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OT: dB$

Discussion in 'Electronic Design' started by Paul Hovnanian P.E., Sep 14, 2005.

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  1. When negotiating a raise or contract terms, how should one express dB

    As: 20*log( New $ rate/ Current $ rate ) i.e. as a magnitude

    Or: 10*log( New $ rate / Current $ rate ) i.e. as a power ratio

    Either way, I anticipate operating into a very high impedance.
  2. Ken Taylor

    Ken Taylor Guest

    Watch out for standing waves.

  3. Tim Wescott

    Tim Wescott Guest

    Careful, that kind of talk could bounce back to you later.
  4. I read in that Paul Hovnanian P.E.
    It's obvious. Money is power.
  5. 20Log(N$/O$), since it's a pretax number. Your accountant (and any SO)
    will see 10Log(N$/O$).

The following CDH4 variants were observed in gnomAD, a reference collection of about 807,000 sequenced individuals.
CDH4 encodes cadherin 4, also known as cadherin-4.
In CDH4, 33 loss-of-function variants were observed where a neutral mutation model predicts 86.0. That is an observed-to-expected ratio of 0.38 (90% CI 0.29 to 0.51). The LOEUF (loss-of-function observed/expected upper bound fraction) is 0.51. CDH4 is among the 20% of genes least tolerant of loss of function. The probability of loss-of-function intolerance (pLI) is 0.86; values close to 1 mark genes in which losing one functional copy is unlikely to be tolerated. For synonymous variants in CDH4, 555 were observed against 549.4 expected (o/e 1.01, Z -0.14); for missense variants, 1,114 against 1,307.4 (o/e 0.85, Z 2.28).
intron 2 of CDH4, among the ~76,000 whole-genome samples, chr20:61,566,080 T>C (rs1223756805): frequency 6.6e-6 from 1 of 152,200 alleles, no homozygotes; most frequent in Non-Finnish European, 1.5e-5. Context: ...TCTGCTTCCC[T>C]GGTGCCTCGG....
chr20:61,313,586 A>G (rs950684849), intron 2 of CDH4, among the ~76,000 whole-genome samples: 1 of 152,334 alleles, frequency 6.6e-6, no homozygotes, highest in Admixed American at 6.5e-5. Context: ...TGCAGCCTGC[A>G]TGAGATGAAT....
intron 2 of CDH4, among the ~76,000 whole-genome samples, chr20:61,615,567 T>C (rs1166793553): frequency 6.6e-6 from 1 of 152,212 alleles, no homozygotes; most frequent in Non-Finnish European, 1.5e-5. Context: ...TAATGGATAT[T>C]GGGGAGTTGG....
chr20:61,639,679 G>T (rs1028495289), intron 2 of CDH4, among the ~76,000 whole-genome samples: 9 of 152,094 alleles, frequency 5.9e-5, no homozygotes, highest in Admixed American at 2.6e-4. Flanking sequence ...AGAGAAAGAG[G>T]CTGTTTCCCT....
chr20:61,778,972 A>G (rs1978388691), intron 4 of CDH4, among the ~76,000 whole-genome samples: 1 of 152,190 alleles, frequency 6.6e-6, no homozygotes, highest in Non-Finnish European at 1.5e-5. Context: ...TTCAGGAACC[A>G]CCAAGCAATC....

6. Ken Taylor

    Ken Taylor Guest

    Ouch! :) Clearly there's a law that says smart alec responses are a
    continuing series.

  7. I thought Knowledge is Power. And Time is Money.

    Since Work = Power * Time

    Substituting variables, we get:

    Work = Knowledge * Money


    Money = Work / Knowledge

    So, the less you know, the more you get paid for the same amount of

    (originally discovered by Scott Adams)
  8. Rich Grise

    Rich Grise Guest

    One shouldn't, in those circumstances.
    Why does this not surprise me? ;-P

    Good Luck!
  9. Definitely not. Or do you tolerate -3dB less payment ?

  10. I read in that Rene Tschaggelar <>
    wrote (in <432943b1$0$1154$>) about 'OT: dB$',
    For me, it's frequency dependent. If you want to pay at lower
    frequencies, you have to pay more. 30 days net, 60 days +0.4 dB, 90 days
    + 0.8 dB.
  11. John Fields

    John Fields Guest

  12. John Fields wrote...
  13. I read in that John Fields
    That way, half the money stays at the source. The Maximum Dollar Theorem
    is a trap for the unwary. One of the two best arrangements for 'maximum
    $$ received' is like an audio amp output - near zero source impedance
    and load impedance 10 to 100 times higher. The other is its dual.
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